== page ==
With all the discussion about the Jane Austen Made Me Do It short story contest, it seems like a good time to introduce Cate.
Cate is the heroine of my JAMMDI short story, “A Night at Northanger”. Cate has grand dreams of hosting serious news shows, but, instead, she’s found herself working for… Ghost Trekkers. Yes, Ghost Trekkers, that probing programme of supernatural investigation, or, as Cate likes to describe it in her darker moments, Tits ‘n Ghouls. Little do they know what they’re up against when they spend a night at Northanger Abbey….
I’d intended Cate to be part of a one-off, a completely unrelated short story. Somehow, it never seems to work that way, does it? I sat down to write Pink IX, and who should show up with the film crew, but Cate.
Since Pink IX takes place in 2004, Cate is a bit younger there than she is in “A Night at Northanger”. She’s just out of college and has a summer internship with the DreamStone film crew which is filming on the grounds of Selwick Hall
Hot off the pages of Pink IX, here’s Cate’s first meeting with Eloise (as told, of course, by Eloise):
“Excuse me.” A girl with a clipboard was hovering just inside the door to the dining room. She ventured a tentative smile, an I’m-so-sorry-but smile. “You’re not supposed to be in here. It’s registered personnel only.”
I must have given her a look, because she fidgeted with the metal bit at the top of her clipboard. “You know, production staff, caterers, people connected with the family. So I’m going to have to ask you to leave.”
Unless this was like hospital admissions, where you had to be officially engaged before anyone would tell you anything, I considered myself pretty darn connected. Besides, picking up someone’s socks and taking turns with the washing up had to count as a domestic partnership.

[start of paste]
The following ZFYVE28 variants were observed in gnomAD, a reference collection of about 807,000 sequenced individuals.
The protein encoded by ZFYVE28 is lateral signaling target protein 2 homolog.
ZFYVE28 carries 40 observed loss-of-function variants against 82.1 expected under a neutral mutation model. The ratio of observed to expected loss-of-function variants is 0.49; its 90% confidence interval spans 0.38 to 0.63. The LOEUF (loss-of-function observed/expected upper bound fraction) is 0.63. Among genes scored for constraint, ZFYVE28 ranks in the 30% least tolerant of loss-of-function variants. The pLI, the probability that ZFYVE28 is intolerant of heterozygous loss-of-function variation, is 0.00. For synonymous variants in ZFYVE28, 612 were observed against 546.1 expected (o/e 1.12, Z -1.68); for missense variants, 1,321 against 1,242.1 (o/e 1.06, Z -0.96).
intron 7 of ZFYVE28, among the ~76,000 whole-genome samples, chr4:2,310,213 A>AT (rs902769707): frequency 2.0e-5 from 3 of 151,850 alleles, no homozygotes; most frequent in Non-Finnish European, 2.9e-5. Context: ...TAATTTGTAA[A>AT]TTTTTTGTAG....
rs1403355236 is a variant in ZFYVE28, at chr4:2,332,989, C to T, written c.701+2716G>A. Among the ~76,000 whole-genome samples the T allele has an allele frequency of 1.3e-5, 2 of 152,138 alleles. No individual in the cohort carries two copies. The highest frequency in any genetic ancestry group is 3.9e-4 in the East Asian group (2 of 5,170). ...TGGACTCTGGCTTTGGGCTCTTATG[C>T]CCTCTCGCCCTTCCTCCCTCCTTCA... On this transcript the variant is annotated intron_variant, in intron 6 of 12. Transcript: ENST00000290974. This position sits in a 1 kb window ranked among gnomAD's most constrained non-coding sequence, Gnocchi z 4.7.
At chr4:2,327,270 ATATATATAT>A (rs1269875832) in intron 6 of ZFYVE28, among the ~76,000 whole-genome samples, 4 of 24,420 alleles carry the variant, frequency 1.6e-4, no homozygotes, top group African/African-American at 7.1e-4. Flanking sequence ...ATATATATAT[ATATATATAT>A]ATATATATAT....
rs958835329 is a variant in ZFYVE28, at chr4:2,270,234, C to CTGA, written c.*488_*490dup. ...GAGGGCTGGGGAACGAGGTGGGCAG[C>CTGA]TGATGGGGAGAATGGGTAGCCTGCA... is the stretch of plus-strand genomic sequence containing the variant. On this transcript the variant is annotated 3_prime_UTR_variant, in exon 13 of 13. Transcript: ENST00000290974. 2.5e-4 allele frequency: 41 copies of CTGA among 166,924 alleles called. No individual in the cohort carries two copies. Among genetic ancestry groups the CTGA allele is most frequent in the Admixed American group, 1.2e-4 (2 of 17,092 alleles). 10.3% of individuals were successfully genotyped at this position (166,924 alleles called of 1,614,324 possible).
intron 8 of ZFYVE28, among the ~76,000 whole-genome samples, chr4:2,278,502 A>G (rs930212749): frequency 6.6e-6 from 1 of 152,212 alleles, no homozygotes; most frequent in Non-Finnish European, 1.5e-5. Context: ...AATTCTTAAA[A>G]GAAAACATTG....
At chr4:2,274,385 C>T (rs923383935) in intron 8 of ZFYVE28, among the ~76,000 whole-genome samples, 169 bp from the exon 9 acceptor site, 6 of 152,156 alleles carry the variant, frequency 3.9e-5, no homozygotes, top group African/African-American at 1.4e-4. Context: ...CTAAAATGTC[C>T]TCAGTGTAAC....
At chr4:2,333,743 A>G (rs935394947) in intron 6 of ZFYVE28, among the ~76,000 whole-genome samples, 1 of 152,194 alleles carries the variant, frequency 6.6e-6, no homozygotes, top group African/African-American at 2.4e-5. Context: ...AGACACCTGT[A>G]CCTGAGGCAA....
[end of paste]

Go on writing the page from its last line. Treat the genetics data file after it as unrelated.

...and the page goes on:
I peered over her shoulder at the chart. “I should be on there. I’m”— the owner’s girlfriend? Researcher in residence? Chief cook and bottle washer?—“Eloise Kelly,” I finished lamely.
She rustled efficiently through several sheets of closely printed pages, looking up apologetically as she came to the end of it. “I’m afraid I don’t see you here. Unless you spell your name some weird way?”
“Nope,” I said. “It’s just Kelly, spelled the usual way. No Q’s or silent N’s or anything like that.”
She checked again and shook her head. “Sorry. Still nothing. Are you with the magazine people?”
Now there was a magazine involved, too? Colin wasn’t going to like that.
“No, I’m with Colin. The owner,” I specified, when the DreamStone representative looked blank. “The one who keeps trying to make sure that no one sets the rosebushes on fire.”
Comprehension dawned. “Unhappy looking guy in a green jacket?”
“That’s the one.”
Her face brightened. She grinned at me, girl to girl. “He’s cute.”
“Thanks.” I wasn’t sure why I was taking the credit here, since his looks weren’t something I’d had a hand in. He had his mother to thank for that, although he also had her to thank for Jeremy and the DreamStone invasion, so maybe not so much. I shrugged. “I like him.”
Which, as any woman knows, is girl-speak for “I’m ridiculously over the moon about him, but not like I’m going to tempt fate by admitting to that.”
Shoving the clipboard under one arm, the girl stuck out a hand. “I’m Cate, by the way. Cate Kartowsky. That’s Cate with a C.”
“A cate conformable to other household cates?” When she gave me a blank look, I said, “Sorry. I was having a Shakespeare moment. Isn’t this production supposed to be…?”
“I was a communications major,” said Cate. “With a minor in poli sci. Lots of Rawls and Nozick, not so much on the Shakespeare.”
“I do English history,” I said. “So the Shakespeare sort of creeps in.”
Cate nodded knowledgeably. These things happened. “I guess we’ll all be getting our Shakespeare this week, right?”
“Help me out here. Someone told me it was Much Ado About Nothing, but in Regency costume?”
“You’ve got it,” said Cate. She leaned closer, making sure no one was listening. “I know, it sounds ridiculous. But there’s the whole Austen craze and Micah wanted to capitalize on that. He also wants cred for doing Shakespeare. There was some version of Much Ado About Nothing that made a big stir—”
“With Robert Sean Leonard,” I said. “And Kenneth Branagh. We were all in love with Robert Sean Leonard as Claudio when I was in Upper School.”
Cate looked blank. It made me feel very old. I was only twenty-seven. Should I really be feeling this ancient?